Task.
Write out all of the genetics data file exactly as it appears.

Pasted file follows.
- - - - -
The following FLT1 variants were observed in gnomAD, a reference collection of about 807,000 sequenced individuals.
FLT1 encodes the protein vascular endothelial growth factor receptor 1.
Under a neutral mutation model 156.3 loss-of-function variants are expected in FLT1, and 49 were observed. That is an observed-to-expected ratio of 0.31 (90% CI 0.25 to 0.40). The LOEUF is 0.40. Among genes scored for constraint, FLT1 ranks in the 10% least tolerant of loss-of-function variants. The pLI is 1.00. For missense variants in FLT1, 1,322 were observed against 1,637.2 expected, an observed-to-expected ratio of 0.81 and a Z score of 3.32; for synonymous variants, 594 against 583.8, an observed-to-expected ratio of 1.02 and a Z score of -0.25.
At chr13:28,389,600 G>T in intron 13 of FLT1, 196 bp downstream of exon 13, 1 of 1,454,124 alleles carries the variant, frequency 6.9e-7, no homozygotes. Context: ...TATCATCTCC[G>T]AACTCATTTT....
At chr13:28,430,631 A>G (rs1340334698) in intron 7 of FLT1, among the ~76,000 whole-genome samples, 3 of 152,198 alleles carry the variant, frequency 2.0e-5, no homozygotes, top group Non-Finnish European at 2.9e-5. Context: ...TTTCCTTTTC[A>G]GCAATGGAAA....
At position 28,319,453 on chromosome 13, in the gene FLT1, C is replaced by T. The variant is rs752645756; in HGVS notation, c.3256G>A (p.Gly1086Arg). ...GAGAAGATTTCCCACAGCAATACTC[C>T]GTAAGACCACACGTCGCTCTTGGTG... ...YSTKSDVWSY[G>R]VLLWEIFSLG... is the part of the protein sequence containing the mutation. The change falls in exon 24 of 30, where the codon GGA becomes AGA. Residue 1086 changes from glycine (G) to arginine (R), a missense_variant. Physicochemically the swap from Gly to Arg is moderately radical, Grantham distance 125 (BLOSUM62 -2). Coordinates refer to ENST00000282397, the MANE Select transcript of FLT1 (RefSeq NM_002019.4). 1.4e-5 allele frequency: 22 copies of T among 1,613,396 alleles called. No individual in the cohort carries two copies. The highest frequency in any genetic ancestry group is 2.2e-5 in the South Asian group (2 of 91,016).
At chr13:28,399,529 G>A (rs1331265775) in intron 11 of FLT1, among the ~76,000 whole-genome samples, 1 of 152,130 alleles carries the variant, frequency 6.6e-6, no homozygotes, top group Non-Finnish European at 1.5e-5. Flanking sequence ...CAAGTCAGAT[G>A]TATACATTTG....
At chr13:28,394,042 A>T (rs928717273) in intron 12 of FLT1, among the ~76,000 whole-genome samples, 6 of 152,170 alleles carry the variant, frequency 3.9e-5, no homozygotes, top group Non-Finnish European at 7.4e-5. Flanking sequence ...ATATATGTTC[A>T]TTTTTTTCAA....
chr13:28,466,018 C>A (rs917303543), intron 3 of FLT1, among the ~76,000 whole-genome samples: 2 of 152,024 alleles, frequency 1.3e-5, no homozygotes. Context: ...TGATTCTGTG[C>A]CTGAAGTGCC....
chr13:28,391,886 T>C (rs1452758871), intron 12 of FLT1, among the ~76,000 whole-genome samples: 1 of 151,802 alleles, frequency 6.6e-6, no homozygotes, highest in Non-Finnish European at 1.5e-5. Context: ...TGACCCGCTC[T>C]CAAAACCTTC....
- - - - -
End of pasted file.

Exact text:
The following FLT1 variants were observed in gnomAD, a reference collection of about 807,000 sequenced individuals.
FLT1 encodes the protein vascular endothelial growth factor receptor 1.
Under a neutral mutation model 156.3 loss-of-function variants are expected in FLT1, and 49 were observed. That is an observed-to-expected ratio of 0.31 (90% CI 0.25 to 0.40). The LOEUF is 0.40. Among genes scored for constraint, FLT1 ranks in the 10% least tolerant of loss-of-function variants. The pLI is 1.00. For missense variants in FLT1, 1,322 were observed against 1,637.2 expected, an observed-to-expected ratio of 0.81 and a Z score of 3.32; for synonymous variants, 594 against 583.8, an observed-to-expected ratio of 1.02 and a Z score of -0.25.
At chr13:28,389,600 G>T in intron 13 of FLT1, 196 bp downstream of exon 13, 1 of 1,454,124 alleles carries the variant, frequency 6.9e-7, no homozygotes. Context: ...TATCATCTCC[G>T]AACTCATTTT....
At chr13:28,430,631 A>G (rs1340334698) in intron 7 of FLT1, among the ~76,000 whole-genome samples, 3 of 152,198 alleles carry the variant, frequency 2.0e-5, no homozygotes, top group Non-Finnish European at 2.9e-5. Context: ...TTTCCTTTTC[A>G]GCAATGGAAA....
At position 28,319,453 on chromosome 13, in the gene FLT1, C is replaced by T. The variant is rs752645756; in HGVS notation, c.3256G>A (p.Gly1086Arg). ...GAGAAGATTTCCCACAGCAATACTC[C>T]GTAAGACCACACGTCGCTCTTGGTG... ...YSTKSDVWSY[G>R]VLLWEIFSLG... is the part of the protein sequence containing the mutation. The change falls in exon 24 of 30, where the codon GGA becomes AGA. Residue 1086 changes from glycine (G) to arginine (R), a missense_variant. Physicochemically the swap from Gly to Arg is moderately radical, Grantham distance 125 (BLOSUM62 -2). Coordinates refer to ENST00000282397, the MANE Select transcript of FLT1 (RefSeq NM_002019.4). 1.4e-5 allele frequency: 22 copies of T among 1,613,396 alleles called. No individual in the cohort carries two copies. The highest frequency in any genetic ancestry group is 2.2e-5 in the South Asian group (2 of 91,016).
At chr13:28,399,529 G>A (rs1331265775) in intron 11 of FLT1, among the ~76,000 whole-genome samples, 1 of 152,130 alleles carries the variant, frequency 6.6e-6, no homozygotes, top group Non-Finnish European at 1.5e-5. Flanking sequence ...CAAGTCAGAT[G>A]TATACATTTG....
At chr13:28,394,042 A>T (rs928717273) in intron 12 of FLT1, among the ~76,000 whole-genome samples, 6 of 152,170 alleles carry the variant, frequency 3.9e-5, no homozygotes, top group Non-Finnish European at 7.4e-5. Flanking sequence ...ATATATGTTC[A>T]TTTTTTTCAA....
chr13:28,466,018 C>A (rs917303543), intron 3 of FLT1, among the ~76,000 whole-genome samples: 2 of 152,024 alleles, frequency 1.3e-5, no homozygotes. Context: ...TGATTCTGTG[C>A]CTGAAGTGCC....
chr13:28,391,886 T>C (rs1452758871), intron 12 of FLT1, among the ~76,000 whole-genome samples: 1 of 151,802 alleles, frequency 6.6e-6, no homozygotes, highest in Non-Finnish European at 1.5e-5. Context: ...TGACCCGCTC[T>C]CAAAACCTTC....